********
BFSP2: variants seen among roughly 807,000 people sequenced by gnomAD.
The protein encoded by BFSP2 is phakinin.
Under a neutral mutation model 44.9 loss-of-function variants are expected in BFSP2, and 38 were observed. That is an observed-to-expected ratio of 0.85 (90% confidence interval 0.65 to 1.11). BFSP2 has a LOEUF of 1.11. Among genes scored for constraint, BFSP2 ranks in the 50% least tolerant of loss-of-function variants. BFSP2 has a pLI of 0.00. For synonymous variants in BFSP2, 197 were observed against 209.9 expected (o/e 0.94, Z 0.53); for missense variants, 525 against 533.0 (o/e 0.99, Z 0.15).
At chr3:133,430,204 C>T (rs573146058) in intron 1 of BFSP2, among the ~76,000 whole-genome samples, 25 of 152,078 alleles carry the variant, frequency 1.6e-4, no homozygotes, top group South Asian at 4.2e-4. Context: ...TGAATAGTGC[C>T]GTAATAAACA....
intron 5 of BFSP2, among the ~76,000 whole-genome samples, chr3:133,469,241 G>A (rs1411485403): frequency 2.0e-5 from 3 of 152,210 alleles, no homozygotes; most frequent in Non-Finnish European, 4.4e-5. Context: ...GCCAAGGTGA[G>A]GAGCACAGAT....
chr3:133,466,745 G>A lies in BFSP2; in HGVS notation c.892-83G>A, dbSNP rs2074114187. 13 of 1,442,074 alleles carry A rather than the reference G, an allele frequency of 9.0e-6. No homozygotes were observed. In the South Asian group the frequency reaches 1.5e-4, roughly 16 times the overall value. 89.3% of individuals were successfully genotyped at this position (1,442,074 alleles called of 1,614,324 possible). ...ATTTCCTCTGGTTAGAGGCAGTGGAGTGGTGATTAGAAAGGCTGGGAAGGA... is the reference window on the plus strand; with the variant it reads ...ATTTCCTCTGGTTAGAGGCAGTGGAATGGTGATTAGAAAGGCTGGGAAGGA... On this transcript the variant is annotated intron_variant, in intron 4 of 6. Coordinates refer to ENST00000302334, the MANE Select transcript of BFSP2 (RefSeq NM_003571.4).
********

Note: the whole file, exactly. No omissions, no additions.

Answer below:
BFSP2: variants seen among roughly 807,000 people sequenced by gnomAD.
The protein encoded by BFSP2 is phakinin.
Under a neutral mutation model 44.9 loss-of-function variants are expected in BFSP2, and 38 were observed. That is an observed-to-expected ratio of 0.85 (90% confidence interval 0.65 to 1.11). BFSP2 has a LOEUF of 1.11. Among genes scored for constraint, BFSP2 ranks in the 50% least tolerant of loss-of-function variants. BFSP2 has a pLI of 0.00. For synonymous variants in BFSP2, 197 were observed against 209.9 expected (o/e 0.94, Z 0.53); for missense variants, 525 against 533.0 (o/e 0.99, Z 0.15).
At chr3:133,430,204 C>T (rs573146058) in intron 1 of BFSP2, among the ~76,000 whole-genome samples, 25 of 152,078 alleles carry the variant, frequency 1.6e-4, no homozygotes, top group South Asian at 4.2e-4. Context: ...TGAATAGTGC[C>T]GTAATAAACA....
intron 5 of BFSP2, among the ~76,000 whole-genome samples, chr3:133,469,241 G>A (rs1411485403): frequency 2.0e-5 from 3 of 152,210 alleles, no homozygotes; most frequent in Non-Finnish European, 4.4e-5. Context: ...GCCAAGGTGA[G>A]GAGCACAGAT....
chr3:133,466,745 G>A lies in BFSP2; in HGVS notation c.892-83G>A, dbSNP rs2074114187. 13 of 1,442,074 alleles carry A rather than the reference G, an allele frequency of 9.0e-6. No homozygotes were observed. In the South Asian group the frequency reaches 1.5e-4, roughly 16 times the overall value. 89.3% of individuals were successfully genotyped at this position (1,442,074 alleles called of 1,614,324 possible). ...ATTTCCTCTGGTTAGAGGCAGTGGAGTGGTGATTAGAAAGGCTGGGAAGGA... is the reference window on the plus strand; with the variant it reads ...ATTTCCTCTGGTTAGAGGCAGTGGAATGGTGATTAGAAAGGCTGGGAAGGA... On this transcript the variant is annotated intron_variant, in intron 4 of 6. Coordinates refer to ENST00000302334, the MANE Select transcript of BFSP2 (RefSeq NM_003571.4).